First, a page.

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Harp Seal | Foca da Gronelândia - Pagophilus groenlandicus

Scientific Name: Pagophilus groenlandicus

Common Name (UK, FR, PT, ES, DE): harp seal, phoque du Groenland, foca da Gronelândia, foca de Groenlandica.

Short Species description: A true seal that lives in the colder water of the north Atlantic and Arctic Oceans. Its scientific name means “ice-lover from Greenland”.

This specie is considered the most abundant marine mammal species in the North Atlantic, and an ice dependent species that rely on thick insulation to maintain thermal homeostasis. While the adult seals use primarily blubber for insulation, the newborn seals rely on a lanugo pelt while nursing, as their blubber layer develops and their first-year pelage grows. They can grow up to 1,8m and weigh up to 136kg.

The name “harp seal” comes from the curved, black patch on their backs, which resembles a harp. Males generally have a more defined dorsal marking and a darker head, while some females never develop the marking and remain spotted. Young pups are solid white.

This is a highly migratory species with individuals following Artic sea ice as it expands and contracts throughout the year. Annual migrations can be more than 5 km roundtrip to feed and they can stay underwater for at least 16 minutes at a time. They usually prefer shallow water, but they can dive as deep as 400m.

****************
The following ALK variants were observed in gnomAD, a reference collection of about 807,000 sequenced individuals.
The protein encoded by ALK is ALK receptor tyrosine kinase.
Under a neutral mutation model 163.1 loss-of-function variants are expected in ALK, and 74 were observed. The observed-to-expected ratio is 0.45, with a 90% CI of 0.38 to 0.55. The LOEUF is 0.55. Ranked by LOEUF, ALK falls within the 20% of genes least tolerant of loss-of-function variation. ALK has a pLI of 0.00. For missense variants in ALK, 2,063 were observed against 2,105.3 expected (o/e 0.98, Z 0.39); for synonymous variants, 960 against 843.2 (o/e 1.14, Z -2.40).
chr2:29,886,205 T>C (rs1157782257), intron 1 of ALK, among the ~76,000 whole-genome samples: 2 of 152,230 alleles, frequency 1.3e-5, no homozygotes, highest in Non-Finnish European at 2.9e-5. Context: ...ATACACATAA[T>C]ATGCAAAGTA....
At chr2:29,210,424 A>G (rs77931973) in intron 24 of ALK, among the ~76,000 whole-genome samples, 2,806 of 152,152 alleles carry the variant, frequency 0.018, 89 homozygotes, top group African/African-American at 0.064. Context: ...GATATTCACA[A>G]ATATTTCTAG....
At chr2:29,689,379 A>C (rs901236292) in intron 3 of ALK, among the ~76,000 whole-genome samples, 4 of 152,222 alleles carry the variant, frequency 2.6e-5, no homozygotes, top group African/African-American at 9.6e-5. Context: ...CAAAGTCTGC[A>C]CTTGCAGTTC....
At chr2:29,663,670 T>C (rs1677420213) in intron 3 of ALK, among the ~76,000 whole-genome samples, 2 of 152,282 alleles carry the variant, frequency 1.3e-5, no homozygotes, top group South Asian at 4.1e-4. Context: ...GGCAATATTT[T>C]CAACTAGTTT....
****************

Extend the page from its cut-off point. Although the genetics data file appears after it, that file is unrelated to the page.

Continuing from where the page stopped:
Like other pinnipeds, harp seals are carnivores. Their diet is very diverse, eating at least 67 species of fish and 70 species of invertebrates. Young harp seals eat primarily shrimp and zooplankton.

Population status: least concern by the IUCN Status; Population trend: increasing

Habitat Use: Sub-polar to polar latitudes of the north Atlantic and Arctic oceans. Three populations in the Barents Sea, East Coast of Greenland, and Northwest Atlantic Ocean are recognized based on geographic distribution as well as morphological, genetic, and behavioural differences.

Communication and Perception: Underwater research suggests that harp seals actually listen to individual calls and respond with a specific response, rather than making random sounds. They may use also underwater calling to attract mates and to coordinate herds.

Apart from underwater calling, they use clicks, trills, and other chirp-like sounds on land, especially to attract mates or to respond to a predator getting too close to a pup.

Harp seals have acute vision and hearing, which is incredibly strong underwater, but a very poor sense of smell.

Pod Size: Harp seals can form large colonies of up to several thousand to molt and breed, and they can also feed and travel in large groups during seasonal migrations. They are social animals and can be quite vocal in groups.

Typical Behaviour: Their annual movements appear to follow the development and retreat of the ice pack, and they are often seen feeding along the ice edge throughout the year. As capital breeders, harp seals must build up energy reserves that can be used during pupping and nursing when they reduce feeding


Pearson, L. E., Weitzner, E. L., Burns, J. M., Hammill, M. O., & Liwanag, H. E. (2019).

From ice to ocean: changes in the thermal function of harp seal pelt with ontogeny. Journal of Comparative Physiology B, 189(3-4), 501-511.

Stenson, G. B., Buren, A. D., & Koen-Alonso, M. (2016). The impact of changing climate and abundance on reproduction in an ice-dependent species, the Northwest Atlantic harp seal, Pagophilus groenlandicus. ICES Journal of Marine Science, 73(2), 250-262.

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